Six situations when audiologists always wear earplugs

Photo credit: Alex Urezkov

by Daniel Fink, MD, Chair, The Quiet Coalition

This article on Livestrong lists six situations when audiologists always wear earplugs: attending concerts or sports events, in bars or noisy restaurants, when doing lawn work, when there’s brief, loud noise, when drying their hair, and when sleeping.

I’m not sure where Livestrong got its information from–that isn’t stated–and it’s hard to anticipate impulse noise exposure, e.g., the popping of a balloon or a construction worker starting to use a jackhammer while one is walking on the sidewalk nearby. Also, most people should be able to sleep without earplugs.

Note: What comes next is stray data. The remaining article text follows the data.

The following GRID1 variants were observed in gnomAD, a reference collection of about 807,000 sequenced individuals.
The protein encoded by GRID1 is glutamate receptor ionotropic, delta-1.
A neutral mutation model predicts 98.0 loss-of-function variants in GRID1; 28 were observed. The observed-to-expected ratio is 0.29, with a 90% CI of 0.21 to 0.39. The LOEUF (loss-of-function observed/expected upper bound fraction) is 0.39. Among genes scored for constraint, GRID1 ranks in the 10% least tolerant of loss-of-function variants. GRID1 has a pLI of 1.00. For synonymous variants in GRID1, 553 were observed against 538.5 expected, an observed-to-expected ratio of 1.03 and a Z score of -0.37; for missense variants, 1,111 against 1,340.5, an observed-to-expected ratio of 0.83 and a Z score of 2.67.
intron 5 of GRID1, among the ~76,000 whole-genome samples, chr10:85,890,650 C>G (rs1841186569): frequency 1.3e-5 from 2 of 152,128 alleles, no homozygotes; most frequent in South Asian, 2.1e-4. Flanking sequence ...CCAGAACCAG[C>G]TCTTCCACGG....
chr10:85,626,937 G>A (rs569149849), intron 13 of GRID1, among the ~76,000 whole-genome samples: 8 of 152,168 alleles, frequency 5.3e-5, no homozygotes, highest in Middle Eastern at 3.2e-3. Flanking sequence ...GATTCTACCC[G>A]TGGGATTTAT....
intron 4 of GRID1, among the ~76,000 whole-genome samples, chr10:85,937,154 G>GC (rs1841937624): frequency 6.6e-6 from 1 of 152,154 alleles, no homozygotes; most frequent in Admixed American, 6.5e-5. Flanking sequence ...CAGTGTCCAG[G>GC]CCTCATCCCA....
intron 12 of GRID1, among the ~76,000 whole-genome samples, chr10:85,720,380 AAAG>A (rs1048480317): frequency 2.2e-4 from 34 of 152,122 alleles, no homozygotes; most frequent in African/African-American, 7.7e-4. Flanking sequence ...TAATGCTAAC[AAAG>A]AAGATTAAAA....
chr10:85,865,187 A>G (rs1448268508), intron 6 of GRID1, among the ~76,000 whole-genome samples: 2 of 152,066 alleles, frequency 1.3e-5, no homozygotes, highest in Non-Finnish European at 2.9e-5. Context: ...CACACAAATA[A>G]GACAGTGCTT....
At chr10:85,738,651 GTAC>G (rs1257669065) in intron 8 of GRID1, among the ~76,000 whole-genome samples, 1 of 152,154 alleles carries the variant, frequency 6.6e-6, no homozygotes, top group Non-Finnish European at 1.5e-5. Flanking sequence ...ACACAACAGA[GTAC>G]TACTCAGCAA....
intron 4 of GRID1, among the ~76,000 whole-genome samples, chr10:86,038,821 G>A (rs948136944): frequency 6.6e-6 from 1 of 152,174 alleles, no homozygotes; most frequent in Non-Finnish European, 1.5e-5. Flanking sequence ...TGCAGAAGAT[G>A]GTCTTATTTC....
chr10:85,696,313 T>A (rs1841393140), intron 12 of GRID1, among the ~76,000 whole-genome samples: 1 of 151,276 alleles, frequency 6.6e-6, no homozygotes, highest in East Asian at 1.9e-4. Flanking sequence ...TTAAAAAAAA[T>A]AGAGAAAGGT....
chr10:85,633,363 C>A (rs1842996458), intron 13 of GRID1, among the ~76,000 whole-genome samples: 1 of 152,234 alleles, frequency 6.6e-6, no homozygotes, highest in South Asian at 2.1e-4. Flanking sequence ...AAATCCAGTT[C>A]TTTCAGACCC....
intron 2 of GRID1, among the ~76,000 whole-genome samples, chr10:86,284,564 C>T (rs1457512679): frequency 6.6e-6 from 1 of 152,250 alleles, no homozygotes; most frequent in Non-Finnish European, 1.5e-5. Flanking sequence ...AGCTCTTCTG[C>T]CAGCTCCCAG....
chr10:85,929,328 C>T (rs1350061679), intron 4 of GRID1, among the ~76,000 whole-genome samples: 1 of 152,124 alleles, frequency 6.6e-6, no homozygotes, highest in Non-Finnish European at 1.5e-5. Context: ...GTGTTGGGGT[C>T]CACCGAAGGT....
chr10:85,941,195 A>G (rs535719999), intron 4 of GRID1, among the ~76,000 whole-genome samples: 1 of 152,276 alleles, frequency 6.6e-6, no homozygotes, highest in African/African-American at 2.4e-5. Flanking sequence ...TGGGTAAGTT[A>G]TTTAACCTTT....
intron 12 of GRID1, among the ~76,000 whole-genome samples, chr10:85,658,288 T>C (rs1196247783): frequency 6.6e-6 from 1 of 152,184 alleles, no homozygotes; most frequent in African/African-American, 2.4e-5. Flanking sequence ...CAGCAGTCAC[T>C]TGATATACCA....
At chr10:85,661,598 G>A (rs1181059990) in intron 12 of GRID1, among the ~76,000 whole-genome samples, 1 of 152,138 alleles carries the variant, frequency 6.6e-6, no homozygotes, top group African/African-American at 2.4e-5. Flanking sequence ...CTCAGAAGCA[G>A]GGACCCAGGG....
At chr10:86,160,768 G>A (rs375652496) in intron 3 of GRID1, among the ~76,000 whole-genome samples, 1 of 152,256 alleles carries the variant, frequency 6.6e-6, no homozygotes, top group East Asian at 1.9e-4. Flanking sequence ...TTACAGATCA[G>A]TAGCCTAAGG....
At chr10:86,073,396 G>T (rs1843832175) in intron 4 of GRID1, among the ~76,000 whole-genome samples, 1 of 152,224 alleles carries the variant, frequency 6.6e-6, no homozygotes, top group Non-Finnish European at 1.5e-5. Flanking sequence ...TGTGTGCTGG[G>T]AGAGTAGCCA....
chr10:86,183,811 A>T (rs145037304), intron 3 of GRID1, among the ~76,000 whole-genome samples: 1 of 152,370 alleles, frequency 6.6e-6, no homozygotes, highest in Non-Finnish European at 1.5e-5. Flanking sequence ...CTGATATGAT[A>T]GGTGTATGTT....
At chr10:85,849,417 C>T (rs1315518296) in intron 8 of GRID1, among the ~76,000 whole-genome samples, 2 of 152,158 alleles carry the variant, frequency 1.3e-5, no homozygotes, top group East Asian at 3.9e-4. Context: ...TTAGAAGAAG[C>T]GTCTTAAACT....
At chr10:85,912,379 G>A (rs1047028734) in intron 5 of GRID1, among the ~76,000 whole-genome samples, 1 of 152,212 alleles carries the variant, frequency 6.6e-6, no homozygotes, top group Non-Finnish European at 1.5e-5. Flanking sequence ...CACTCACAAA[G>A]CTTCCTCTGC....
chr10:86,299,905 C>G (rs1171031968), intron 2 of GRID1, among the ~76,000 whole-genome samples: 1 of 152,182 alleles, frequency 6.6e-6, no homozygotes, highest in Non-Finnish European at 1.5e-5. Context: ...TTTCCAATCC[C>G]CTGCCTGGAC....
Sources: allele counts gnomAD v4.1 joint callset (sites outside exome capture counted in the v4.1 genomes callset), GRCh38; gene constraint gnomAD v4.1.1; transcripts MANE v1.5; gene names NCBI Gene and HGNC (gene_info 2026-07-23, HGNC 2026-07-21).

But the basic principle is sound: if something sounds loud, it’s too loud, and your auditory health is at risk.

Anticipate noise exposure. If I’m using power tools, I insert my industrial-strength earplugs with a Noise Reduction Rating of 27 before turning them on. I insert my earplugs even when hammering in one nail or cutting one piece of wood.

I always bring my industrial-strength earplugs to the movies, where the soundtracks are too loud even when watching romantic comedies, and to the few baseball and basketball games we attend. I often have less noticeable earplugs in my pocket when going to a new restaurant where I am not sure of the noise levels. If it’s noisy when my wife and I walk in, I insert them.

Don’t be shy about putting the earplugs in.

After all, it’s your ears you’re protecting, and you want them to last you your entire lifetime.

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